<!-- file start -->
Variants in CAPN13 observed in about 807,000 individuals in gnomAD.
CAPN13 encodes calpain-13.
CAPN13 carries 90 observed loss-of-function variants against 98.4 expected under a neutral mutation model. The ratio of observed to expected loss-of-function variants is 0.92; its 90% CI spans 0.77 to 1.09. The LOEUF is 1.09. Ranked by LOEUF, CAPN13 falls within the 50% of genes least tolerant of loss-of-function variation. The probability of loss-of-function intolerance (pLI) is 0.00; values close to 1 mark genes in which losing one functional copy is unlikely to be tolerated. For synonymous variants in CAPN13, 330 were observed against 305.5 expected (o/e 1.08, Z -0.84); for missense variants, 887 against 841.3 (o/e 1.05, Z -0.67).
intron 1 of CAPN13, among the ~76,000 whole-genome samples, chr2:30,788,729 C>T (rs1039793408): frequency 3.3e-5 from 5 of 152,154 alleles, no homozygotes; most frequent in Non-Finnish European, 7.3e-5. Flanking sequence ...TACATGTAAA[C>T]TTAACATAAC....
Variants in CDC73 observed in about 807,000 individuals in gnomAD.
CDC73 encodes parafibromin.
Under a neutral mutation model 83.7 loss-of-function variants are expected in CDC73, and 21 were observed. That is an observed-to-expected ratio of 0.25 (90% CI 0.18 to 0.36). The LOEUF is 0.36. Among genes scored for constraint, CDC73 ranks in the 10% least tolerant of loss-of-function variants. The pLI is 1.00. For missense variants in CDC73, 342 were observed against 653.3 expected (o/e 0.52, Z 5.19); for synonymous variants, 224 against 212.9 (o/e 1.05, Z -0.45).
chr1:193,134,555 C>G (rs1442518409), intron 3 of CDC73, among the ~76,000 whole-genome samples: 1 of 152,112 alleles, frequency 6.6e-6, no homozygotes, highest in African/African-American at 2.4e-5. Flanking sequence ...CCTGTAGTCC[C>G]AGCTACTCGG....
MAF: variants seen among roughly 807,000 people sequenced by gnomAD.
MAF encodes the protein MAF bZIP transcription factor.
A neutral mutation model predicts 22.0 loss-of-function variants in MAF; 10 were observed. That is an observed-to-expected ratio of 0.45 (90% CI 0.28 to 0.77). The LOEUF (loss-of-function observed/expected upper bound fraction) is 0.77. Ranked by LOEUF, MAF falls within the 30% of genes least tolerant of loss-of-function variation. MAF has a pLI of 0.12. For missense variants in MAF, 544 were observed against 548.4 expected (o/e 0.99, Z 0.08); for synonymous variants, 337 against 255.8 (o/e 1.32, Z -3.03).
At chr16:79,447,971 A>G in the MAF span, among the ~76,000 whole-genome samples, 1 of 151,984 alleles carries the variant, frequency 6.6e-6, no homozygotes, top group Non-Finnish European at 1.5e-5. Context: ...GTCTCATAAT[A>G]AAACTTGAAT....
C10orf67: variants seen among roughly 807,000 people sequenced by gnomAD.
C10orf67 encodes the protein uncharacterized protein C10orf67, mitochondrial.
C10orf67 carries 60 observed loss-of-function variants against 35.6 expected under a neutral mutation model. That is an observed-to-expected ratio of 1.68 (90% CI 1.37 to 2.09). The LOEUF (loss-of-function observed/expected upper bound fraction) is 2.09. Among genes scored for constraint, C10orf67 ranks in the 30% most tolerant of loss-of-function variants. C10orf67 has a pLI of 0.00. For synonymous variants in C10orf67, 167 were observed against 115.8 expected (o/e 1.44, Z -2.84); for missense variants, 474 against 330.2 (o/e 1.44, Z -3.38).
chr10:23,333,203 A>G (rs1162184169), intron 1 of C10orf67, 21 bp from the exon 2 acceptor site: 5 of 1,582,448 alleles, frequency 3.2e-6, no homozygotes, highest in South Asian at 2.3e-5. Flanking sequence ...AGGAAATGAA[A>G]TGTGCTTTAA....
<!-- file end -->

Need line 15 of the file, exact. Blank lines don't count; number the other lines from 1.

C10orf67 carries 60 observed loss-of-function variants against 35.6 expected under a neutral mutation model. That is an observed-to-expected ratio of 1.68 (90% CI 1.37 to 2.09). The LOEUF (loss-of-function observed/expected upper bound fraction) is 2.09. Among genes scored for constraint, C10orf67 ranks in the 30% most tolerant of loss-of-function variants. C10orf67 has a pLI of 0.00. For synonymous variants in C10orf67, 167 were observed against 115.8 expected (o/e 1.44, Z -2.84); for missense variants, 474 against 330.2 (o/e 1.44, Z -3.38).